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November 03, 2014 | Tom Ballard

Ag innovation strategies to be explored next week in Murfreesboro

TN Rural ChallengeBy Tom Ballard, Director of Innovation and Entrepreneurial Initiatives, Pershing Yoakley & Associates, P.C.

Months of listening to the needs of farmers, university agricultural leaders, and others involved in the state’s agricultural ecosystem will come to fruition next Tuesday (November 11) when the “Tennessee AgriTech Challenge” is held at Middle Tennessee State University in Murfreesboro.

The all afternoon event is focused on strategies and opportunities to accelerate the agricultural innovation component of the rural economic development plan crafted at the behest of Governor Bill Haslam. Titled “Governor Haslam’s Rural Challenge: A 10-Year Strategic Plan,” the blueprint was developed by the State Department of Agriculture, Tennessee Farm Bureau Federation, and the University of Tennessee’s Institute of Agriculture.

The Governor set a goal of having Tennessee be the number one state in the Southeast in the development of agriculture and forestry, and the agricultural innovation component of the plan will have a significant impact in starting new agricultural companies that will create jobs, increase rural wealth, and provide new opportunities for farmers.

“The (November 11) event is designed to do a couple of things,” said Pete Nelson, Chief Executive Officer of Ag Innovation Development Group and a consultant with the Memphis Bioworks Foundation. The latter has joined with the Tennessee Department of Agriculture and U.S. Department of Agriculture to organize the event.

“We want to unveil some of the recommendations that have come from four regional meetings held across the state,” Nelson said. Those sessions were held in Knoxville, Martin, Memphis and Nashville and featured representatives from more than 35 different organizations and companies from across the state.

“We want to discuss what an Agricultural Innovation Ecosystem is and make it understandable for farmers and other members of the rural community,” Nelson added. “Finally, we want to showcase some established companies and start-ups that are examples of innovation in action.”

During the afternoon session, there will be a keynote speech, panel of industry experts, and four 10-minute pitches by entrepreneurs starting agriculturally-focused companies.

Industry panelists are:

  • Ron Meeusen, Managing Director of Cultivian Sandbox Ventures, a venture capital firm focused on building next-generation disruptive agriculture and food technology companies;
  • Walt Mullins, Trait Manager for Bayer CropScience, a company that has made a one billion dollar commitment to ag innovation in US, including $17M investment in its Tennessee-based research center; and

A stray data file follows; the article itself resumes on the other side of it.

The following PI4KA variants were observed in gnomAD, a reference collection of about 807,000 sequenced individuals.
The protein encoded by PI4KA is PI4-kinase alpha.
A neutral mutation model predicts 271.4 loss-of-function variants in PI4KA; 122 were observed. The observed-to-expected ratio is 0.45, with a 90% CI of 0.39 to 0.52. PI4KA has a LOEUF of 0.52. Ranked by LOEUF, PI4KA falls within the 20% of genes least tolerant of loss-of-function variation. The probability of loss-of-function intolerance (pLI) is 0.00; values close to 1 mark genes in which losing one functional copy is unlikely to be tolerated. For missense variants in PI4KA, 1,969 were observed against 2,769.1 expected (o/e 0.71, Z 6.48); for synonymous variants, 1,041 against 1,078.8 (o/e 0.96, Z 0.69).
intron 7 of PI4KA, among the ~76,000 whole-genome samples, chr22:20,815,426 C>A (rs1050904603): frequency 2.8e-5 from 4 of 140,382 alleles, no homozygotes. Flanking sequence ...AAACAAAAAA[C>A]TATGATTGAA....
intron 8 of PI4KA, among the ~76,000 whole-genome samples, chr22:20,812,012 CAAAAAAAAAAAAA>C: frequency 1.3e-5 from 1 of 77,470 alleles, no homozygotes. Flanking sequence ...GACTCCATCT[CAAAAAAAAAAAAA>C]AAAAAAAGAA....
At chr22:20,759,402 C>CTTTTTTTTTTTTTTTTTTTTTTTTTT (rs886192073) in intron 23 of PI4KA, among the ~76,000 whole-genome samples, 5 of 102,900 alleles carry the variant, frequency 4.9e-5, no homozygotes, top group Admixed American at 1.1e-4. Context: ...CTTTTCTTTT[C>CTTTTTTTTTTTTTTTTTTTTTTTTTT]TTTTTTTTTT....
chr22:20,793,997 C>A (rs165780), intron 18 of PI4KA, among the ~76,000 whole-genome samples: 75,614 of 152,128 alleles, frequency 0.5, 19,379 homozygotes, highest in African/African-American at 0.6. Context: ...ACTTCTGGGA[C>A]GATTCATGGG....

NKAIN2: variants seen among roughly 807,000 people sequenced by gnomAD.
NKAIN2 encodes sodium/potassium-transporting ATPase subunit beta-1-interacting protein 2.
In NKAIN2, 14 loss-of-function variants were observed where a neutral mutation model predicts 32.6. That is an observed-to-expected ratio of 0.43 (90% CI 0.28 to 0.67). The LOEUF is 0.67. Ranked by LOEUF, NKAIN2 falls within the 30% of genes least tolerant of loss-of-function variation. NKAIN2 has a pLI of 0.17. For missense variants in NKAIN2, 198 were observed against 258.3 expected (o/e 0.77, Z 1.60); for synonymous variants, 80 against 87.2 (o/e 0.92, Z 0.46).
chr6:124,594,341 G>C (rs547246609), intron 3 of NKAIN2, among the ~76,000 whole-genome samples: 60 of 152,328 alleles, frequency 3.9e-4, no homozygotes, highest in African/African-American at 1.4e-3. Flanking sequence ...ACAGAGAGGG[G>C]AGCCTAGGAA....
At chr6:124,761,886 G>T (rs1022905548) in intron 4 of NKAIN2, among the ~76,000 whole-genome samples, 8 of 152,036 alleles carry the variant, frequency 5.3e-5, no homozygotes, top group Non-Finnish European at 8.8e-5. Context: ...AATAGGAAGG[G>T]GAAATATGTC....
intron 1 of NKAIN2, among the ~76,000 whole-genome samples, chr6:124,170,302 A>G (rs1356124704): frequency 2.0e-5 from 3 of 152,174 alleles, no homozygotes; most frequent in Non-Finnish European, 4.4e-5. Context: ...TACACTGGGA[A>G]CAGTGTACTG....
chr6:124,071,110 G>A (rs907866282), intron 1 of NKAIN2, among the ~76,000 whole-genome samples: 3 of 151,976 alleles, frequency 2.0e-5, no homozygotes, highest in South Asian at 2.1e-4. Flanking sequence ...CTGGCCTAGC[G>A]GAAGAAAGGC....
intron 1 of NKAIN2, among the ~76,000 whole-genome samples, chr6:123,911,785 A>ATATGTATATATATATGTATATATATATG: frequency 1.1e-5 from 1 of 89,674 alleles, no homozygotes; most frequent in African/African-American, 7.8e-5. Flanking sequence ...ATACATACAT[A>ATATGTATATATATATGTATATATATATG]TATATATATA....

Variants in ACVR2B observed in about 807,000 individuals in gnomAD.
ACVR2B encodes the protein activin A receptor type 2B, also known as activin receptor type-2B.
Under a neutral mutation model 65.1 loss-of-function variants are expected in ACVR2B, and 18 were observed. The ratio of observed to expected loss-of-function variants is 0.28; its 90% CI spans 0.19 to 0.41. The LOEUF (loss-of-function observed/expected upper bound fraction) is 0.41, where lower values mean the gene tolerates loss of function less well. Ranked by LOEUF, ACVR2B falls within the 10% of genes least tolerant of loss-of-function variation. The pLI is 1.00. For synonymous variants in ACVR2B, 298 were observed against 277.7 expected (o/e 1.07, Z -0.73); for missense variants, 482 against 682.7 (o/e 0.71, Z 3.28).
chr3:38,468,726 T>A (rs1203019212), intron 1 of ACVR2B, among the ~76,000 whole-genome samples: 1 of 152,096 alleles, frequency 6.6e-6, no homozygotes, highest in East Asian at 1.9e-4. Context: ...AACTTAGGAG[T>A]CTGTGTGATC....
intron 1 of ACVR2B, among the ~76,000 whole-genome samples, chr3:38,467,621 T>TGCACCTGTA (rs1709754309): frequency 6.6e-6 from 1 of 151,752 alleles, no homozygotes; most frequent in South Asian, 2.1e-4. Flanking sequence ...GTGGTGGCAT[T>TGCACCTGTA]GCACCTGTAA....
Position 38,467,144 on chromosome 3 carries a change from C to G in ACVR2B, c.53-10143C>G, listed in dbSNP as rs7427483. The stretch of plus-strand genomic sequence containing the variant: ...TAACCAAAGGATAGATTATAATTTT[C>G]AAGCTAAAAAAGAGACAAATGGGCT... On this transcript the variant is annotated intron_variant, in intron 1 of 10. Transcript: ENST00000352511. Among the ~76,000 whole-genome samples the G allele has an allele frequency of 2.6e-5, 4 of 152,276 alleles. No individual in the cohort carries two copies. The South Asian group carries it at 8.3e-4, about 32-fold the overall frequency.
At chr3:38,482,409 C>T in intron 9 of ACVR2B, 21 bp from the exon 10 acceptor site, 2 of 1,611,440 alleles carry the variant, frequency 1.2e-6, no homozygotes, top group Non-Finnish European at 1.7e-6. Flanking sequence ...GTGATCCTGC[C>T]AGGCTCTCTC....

• Barry Knight, Chief Operating Officer of Cresco Ag LLC, a Tennessee company with the goal of helping farmers gather and compare data in order to make better management decisions for their farms.

Four start-ups will be in the spotlight giving 10-minute pitches each directed at investors in the audience. The start-ups are:

  • Climate Adaptive Genetics is commercializing a heat-tolerant cattle using technology developed at Vanderbilt University and Middle Tennessee State University.
  • Croptell is developing a financial farm planning software for the row crop farming industry. The company’s goal is to make farm budgeting and reporting simple, accessible and relevant.
  • Hivalgo is redefining the grains and oilseeds markets through information technology. The start-up’s customers will have access to better information on the tangible and intangible attributes of the grain and oilseeds provided by their producer suppliers and be able to purchase directly from those producers.
  • Sytheros Communications is developing a wireless sensor platform for agriculture and other industries where novel sensors and long-range, low-cost communications can be combined to create solutions to reduce water and energy use.

The packed agenda will give attendees a great opportunity to view what is new and innovative in agriculture, while hearing about future plans to grow many agricultural-based startups in Tennessee.

In a recent news release, Julius Johnson, State Commissioner of Agriculture, said that “the Tennessee AgriTech Challenge is an opportunity to showcase new and innovative ideas and technologies in agriculture. We believe that the agricultural innovation component of the Governor’s Rural Challenge is an exciting and necessary component to grow rural economies in the state.”

For more information and to register, click here.

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